Mulling things on my morning ramble
with Storm, the family’s mixed Lab.
Peanut butter, Spam. Fishing rods. A powerline.
These were among the things collected at the front yesterday afternoon at the memorial for Willie Greene.
It is good to have variety define your life.
A great blue heron took off from the neckdown between the two town ponds as the meathead and I approached this morning. That is usually a sign of a shift toward the fall. There is something that changes in the water around the start of fall that must bring bait fish shallower on the town pond.
I used to hate writing obits, absolutely dreaded it.
At my first full-time sports writing gig with Suburban Life Newspapers in the western suburbs, my sports editor, Jim O’Connell, absolutely loved doing obits. I thought he was nuts.
He would sit there and lovingly craft a story about a person’s life. Jim has since moved on to do several roles at Morton College.
Any good reporting is about probing into the personal at some level. Obits always seemed like crossing some line.
But I learned.
I think the breakthrough came when my mom died and a few days after I returned Henry Palmisano from Henry’s Sports and Bait died. It really hit me hard.
Henry I knew on a professional level and spoke to nearly on a weekly basis. But I also knew him as an oddity in the bait/fishing business who had no qualms about expressing his progressive, even liberal, views. Often much like my own.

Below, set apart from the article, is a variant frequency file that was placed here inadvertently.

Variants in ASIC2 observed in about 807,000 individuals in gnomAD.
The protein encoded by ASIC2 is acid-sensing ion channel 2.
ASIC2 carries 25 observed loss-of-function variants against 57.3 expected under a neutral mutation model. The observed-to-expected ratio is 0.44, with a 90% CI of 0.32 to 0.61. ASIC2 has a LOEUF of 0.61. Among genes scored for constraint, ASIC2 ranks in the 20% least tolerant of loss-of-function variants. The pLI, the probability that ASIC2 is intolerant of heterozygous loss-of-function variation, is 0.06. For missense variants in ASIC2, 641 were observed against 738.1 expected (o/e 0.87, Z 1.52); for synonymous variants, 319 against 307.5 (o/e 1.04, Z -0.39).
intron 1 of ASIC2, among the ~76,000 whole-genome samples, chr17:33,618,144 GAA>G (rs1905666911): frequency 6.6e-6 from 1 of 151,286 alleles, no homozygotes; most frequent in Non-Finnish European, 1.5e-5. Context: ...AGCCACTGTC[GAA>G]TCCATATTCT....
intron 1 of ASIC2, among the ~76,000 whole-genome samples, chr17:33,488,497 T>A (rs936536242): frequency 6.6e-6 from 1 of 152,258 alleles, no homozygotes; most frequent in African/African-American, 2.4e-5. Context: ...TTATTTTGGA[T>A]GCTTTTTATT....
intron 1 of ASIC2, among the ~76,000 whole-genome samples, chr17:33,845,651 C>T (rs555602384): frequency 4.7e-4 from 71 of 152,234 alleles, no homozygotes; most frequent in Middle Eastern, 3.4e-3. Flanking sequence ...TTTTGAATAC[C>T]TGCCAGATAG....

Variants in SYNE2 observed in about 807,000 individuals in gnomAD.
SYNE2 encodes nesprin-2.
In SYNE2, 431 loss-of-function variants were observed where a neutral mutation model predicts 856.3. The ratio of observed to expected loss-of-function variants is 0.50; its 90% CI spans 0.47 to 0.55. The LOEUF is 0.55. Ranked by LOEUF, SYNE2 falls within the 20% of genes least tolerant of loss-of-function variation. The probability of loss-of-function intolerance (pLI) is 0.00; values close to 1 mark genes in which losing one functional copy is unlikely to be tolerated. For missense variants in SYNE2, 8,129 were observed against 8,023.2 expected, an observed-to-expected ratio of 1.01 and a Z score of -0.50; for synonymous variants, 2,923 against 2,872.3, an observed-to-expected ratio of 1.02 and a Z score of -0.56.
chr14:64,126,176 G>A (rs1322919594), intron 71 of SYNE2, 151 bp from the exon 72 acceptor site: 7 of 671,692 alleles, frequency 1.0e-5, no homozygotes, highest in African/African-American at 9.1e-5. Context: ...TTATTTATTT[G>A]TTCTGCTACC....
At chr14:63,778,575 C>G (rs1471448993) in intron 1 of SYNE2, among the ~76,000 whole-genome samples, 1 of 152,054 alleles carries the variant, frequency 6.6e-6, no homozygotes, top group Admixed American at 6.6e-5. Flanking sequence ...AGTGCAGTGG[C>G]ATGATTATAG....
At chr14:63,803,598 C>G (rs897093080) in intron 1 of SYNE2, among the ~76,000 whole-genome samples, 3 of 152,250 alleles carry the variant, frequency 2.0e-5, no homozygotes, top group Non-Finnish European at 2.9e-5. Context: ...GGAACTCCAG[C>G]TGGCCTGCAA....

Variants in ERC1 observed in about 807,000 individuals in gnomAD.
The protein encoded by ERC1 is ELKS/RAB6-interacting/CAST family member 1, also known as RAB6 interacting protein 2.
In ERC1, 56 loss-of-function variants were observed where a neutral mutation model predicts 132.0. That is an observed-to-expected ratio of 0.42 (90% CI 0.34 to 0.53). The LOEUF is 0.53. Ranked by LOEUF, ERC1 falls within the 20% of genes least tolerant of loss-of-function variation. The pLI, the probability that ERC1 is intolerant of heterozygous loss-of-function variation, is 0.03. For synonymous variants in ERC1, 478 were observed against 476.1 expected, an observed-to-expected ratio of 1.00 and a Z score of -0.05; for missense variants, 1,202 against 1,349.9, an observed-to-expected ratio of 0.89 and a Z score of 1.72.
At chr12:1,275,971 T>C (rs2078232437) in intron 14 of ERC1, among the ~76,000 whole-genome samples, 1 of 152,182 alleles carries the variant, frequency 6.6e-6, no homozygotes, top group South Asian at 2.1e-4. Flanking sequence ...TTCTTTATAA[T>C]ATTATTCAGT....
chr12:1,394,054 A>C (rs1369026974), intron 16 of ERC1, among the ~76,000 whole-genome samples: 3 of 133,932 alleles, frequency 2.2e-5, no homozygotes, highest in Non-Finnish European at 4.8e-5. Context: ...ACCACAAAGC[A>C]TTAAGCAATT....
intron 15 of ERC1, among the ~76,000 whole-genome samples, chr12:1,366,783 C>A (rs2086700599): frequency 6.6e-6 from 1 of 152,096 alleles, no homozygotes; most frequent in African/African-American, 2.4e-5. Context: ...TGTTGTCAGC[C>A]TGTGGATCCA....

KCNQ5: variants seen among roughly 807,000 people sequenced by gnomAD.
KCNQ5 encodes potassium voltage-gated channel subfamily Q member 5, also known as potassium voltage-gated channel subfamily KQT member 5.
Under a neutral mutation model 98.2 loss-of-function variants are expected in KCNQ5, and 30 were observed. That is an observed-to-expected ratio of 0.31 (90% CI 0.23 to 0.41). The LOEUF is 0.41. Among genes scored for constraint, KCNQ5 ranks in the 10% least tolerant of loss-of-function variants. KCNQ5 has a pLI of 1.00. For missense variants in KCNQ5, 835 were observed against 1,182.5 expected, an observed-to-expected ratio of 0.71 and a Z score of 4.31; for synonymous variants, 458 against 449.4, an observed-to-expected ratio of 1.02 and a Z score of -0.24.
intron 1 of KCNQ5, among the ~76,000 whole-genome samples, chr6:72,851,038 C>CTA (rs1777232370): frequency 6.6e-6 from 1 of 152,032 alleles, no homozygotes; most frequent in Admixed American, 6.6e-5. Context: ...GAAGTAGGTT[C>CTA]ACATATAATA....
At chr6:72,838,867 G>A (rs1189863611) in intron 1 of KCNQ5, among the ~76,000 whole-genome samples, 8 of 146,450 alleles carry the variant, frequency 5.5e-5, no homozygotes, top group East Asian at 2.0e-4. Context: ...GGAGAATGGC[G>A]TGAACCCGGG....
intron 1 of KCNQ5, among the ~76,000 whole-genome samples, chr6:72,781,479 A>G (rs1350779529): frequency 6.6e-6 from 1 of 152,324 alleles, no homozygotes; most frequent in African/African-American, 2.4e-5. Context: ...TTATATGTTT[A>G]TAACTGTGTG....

There was no way I could just do an impersonal obit for him.
Another box of ground bait arrived yesterday from my friend who is pursuing an odd non-native fish he discovered in our town pond. I sometimes wonder if the postal workers wonder about me. As I sprinkled the ground bait this morning, as usual trying to keep the meathead from charging into the water (he thinks it is a throw-and-fetch game), a belted kingfisher flew from the overhanging bush. It must have been a good morning for fishing. And that would make sense with the gray overcast and incoming storms.
From Henry’s obit on, I found obits a lot easier to write. In part, I have learned I can delve into all the professional details I need to get and still have true empathy for the family spokesman.
Doing the Willie Greene obit, I talked with his daughter Stacey Greene-Fenlon a good bit. I’ve known Stacey 15 years. My concern was with getting the story right on Willie, but also being equally concerned with how she was doing.
It’s a big deal when you are the only child and have to handle everything.
By the railroad tracks on the way back to town, dozens of doves, with a few barn pigeons mixed in, exploded from a patch of weeds by the gravel on the other side of the tracks.